You know you WANT one . . .

ff2014b
ff2014c
ff2014d

Edited by QiWiz on 04/22/2014 14:49:54 MDT.

P. Larson
(reacttocontact) - F
Um.... on 02/27/2012 15:53:09 MST Print View

...the video's are private.

Stephen Barber
(grampa) - MLife

Locale: SoCal
Nice videos on 02/27/2012 17:33:09 MST Print View

The vids are working fine now.

Scott Ashdown
(waterloggedwellies) - F

Locale: United Kingdom
Re: Lightest collapsible wood burning stove on the planet - the FireFly Stove on 02/27/2012 18:04:17 MST Print View

What about the Pocket Ti Stove (wood burner, alcohol, esbit) at 1.975oz 56g. I'm thinking of getting one of these.

http://www.backpackinglight.co.uk/product577.asp?PageID=1

I'm not connected with the company in any way other than as a customer.

Eric Lundquist
(cobberman) - F - M

Locale: Northern Colorado
Re: Re: Lightest collapsible wood burning stove on the planet - the FireFly Stove on 02/27/2012 19:45:22 MST Print View

I was going to post the same link. Found it last night researching wood burning stoves. I think the FireFly could benefit from the same circular punches to get the weight down even more.

I wonder if a 2/3 scale version of the FireFly would be more attractive to Heinie/Fosters' can users.

Franco Darioli
(Franco) - M

Locale: Melbourne
Lightest collapsible wood burning stove on the planet - the FireFly Stove on 02/27/2012 20:31:24 MST Print View

The first of this type of collapsible stoves I came across was the Little Dandy Wood burning stove, commonly called the Nimblewill Nomad after its designer :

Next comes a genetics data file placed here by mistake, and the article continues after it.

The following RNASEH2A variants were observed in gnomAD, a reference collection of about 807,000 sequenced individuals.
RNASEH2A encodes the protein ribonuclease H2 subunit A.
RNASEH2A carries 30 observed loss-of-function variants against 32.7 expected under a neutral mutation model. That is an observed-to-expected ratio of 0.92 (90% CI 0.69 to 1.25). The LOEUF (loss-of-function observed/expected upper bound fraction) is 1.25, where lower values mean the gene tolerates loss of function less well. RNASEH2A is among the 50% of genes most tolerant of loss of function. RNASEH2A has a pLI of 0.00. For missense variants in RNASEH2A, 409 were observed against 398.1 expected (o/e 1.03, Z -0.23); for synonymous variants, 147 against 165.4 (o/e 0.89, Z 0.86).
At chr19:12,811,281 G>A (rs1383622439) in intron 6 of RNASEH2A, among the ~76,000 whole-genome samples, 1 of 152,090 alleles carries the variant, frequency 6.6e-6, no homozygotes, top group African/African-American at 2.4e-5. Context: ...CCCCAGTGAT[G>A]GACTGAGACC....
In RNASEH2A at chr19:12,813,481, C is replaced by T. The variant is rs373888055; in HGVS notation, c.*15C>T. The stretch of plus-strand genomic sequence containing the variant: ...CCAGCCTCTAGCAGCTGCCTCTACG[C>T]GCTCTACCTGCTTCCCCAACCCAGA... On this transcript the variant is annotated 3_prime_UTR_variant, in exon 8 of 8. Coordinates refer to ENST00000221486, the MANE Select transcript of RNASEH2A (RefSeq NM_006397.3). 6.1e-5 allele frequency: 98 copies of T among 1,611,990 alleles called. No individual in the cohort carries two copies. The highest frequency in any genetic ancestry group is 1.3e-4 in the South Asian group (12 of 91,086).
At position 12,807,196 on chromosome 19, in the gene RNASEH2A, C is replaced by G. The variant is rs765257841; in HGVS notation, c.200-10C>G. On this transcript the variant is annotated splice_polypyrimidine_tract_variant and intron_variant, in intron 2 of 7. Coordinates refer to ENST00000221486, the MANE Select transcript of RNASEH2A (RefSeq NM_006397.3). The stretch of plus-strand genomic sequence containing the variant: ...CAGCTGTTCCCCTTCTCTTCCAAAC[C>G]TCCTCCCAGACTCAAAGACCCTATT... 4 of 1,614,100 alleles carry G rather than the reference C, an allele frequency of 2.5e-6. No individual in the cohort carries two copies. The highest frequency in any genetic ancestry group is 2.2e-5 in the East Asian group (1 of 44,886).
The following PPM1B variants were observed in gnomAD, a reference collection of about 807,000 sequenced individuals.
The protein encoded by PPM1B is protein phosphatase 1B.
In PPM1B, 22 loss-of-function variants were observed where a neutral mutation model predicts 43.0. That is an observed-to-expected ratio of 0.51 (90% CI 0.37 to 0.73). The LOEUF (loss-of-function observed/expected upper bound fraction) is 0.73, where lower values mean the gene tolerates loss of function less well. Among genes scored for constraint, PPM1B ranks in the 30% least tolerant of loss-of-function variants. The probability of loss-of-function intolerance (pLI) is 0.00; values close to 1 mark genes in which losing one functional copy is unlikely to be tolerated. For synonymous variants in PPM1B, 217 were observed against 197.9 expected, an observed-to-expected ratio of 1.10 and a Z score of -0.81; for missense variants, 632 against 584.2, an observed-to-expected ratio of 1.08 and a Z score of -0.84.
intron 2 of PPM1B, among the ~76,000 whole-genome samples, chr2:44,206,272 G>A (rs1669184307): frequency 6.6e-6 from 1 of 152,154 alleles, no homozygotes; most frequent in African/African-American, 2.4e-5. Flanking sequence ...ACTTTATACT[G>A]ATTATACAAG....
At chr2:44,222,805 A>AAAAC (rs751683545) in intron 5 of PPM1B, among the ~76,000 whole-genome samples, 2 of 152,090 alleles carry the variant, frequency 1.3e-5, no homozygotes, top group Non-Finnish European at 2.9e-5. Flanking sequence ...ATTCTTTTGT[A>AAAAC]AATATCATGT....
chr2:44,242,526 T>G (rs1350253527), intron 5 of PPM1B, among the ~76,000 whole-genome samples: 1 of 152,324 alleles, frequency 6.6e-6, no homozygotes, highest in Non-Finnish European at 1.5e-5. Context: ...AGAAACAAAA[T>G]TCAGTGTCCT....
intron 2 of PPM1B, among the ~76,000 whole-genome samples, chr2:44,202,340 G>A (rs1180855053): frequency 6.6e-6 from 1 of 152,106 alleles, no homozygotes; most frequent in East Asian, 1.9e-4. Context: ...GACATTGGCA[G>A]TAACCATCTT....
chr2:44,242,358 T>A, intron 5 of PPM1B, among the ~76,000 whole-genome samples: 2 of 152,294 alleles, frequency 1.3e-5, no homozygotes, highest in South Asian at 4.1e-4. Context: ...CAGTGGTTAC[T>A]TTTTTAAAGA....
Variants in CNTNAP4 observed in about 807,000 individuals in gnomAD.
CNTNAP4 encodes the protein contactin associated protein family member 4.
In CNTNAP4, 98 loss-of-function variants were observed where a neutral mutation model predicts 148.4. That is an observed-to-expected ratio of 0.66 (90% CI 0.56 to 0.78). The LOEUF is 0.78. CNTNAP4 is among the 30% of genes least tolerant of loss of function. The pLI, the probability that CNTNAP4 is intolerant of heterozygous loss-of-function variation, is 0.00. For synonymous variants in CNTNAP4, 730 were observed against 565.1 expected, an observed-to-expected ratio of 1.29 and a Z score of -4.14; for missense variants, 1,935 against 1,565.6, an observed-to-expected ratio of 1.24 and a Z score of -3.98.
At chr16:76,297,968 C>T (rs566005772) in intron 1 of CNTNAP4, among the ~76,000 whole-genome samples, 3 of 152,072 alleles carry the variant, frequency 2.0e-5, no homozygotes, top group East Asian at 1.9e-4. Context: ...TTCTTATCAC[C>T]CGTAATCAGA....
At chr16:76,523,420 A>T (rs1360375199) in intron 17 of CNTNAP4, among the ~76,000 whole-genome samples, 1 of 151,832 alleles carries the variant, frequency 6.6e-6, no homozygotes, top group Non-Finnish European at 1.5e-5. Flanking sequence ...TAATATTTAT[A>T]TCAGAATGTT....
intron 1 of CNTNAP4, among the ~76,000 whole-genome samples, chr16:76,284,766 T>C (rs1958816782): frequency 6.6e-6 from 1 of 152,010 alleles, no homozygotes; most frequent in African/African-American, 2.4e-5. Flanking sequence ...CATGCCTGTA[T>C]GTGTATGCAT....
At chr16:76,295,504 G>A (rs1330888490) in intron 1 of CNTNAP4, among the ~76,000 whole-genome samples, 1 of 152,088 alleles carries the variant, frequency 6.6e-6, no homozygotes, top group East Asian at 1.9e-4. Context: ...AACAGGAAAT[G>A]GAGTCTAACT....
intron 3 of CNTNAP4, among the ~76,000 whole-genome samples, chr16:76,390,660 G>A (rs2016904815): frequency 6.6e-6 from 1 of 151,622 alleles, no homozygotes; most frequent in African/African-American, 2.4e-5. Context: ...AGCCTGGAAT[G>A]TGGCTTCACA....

http://www.nimblewillnomad.com/stove.htm
that does have some slots on the sides but a solid bottom .
little Dandy stove

Franco

Robert Kelly
(QiWiz) - MLife

Locale: UL gear @ QiWiz.net
Mea Culpa on the "lightest on the planet"; answers to questions and comments on 02/27/2012 20:34:35 MST Print View

Oooh how I hate to be wrong, but I guess I have to admit that the Pocket Ti stove is about a half-ounce lighter than the FireFly (at least if you don't use the tin it comes in). I had not found this stove when I did my research on woodburners, so I guess the FireFly is only the second lightest. I don't know how long the Pocket Ti has been available, but the current site lists it as a 2012 stove, so it may not be that long. The Pocket Ti appears to have achieved this even lower weight by having an open side/door and probably by having a smaller sized firebox overall.